This article originally appeared in The New York Times on May 27, 2013.
By Dr. Ruchi Gupta
However, a good thing can often go too far, and in our modern society of nonstop media and product marketing, this might be what has happened to the idea of cleanliness. Resources for avoiding bacteria have increased dramatically. We are surrounded by antibacterial soaps and cleansers. Kids are often not allowed to play in public sandboxes out of the fear of them getting too dirty. The popularity of electronic games and television has also decreased outdoor playing time enjoyed by prior generations. Furthermore, exposure to multiple pets and animals is decreasing, especially with more families living in urban metropolitan areas.
These well-intentioned behaviors may have led to avoidance of germs and disease, but the unwanted consequence may be a concomitant decrease in the ‘good’ bacteria. Not all germs are bad! In fact, our bodies are dependent on the work of some good bacteria to survive and thrive, particularly in our digestive tracts. Such bacteria in our guts help us digest food and serve to educate our immune system. Achieving ultimate cleanliness today may ultimately result in weaker and less diversified bacterial flora in our bodies, leading to an altered immune system that ‘rejects’ friendly food.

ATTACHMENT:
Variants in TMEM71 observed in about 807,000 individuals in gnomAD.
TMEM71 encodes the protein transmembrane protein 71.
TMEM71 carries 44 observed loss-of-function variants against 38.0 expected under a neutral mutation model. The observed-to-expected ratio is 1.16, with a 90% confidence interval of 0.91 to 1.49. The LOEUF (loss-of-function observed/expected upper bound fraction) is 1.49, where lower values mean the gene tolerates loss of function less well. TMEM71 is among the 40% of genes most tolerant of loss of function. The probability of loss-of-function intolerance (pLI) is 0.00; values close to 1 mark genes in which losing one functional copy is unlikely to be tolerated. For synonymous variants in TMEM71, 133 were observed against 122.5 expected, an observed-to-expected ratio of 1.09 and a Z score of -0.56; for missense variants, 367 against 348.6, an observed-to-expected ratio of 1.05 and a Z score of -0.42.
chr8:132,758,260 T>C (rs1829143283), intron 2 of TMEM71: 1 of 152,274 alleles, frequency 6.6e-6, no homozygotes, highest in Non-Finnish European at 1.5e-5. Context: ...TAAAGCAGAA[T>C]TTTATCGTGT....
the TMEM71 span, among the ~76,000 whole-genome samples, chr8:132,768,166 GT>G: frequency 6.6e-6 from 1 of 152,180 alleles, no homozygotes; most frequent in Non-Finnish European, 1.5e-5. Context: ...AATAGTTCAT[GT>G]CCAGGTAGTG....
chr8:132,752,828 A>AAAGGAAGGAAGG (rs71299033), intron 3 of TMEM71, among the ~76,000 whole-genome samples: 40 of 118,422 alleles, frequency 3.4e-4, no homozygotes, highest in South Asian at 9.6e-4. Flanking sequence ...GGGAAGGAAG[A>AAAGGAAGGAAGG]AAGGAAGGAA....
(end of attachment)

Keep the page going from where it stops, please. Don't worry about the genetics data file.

“Everything in moderation” was a saying I grew up hearing from my parents. Have we lost this when it comes to cleanliness? I live in the middle of a large city, and my husband and I frequently joke about how "sheltered" our kids are from the outdoor elements. And yes, both our kids have allergies.
- Dr. Ruchi Gupta is an assistant professor of pediatrics at Northwestern University.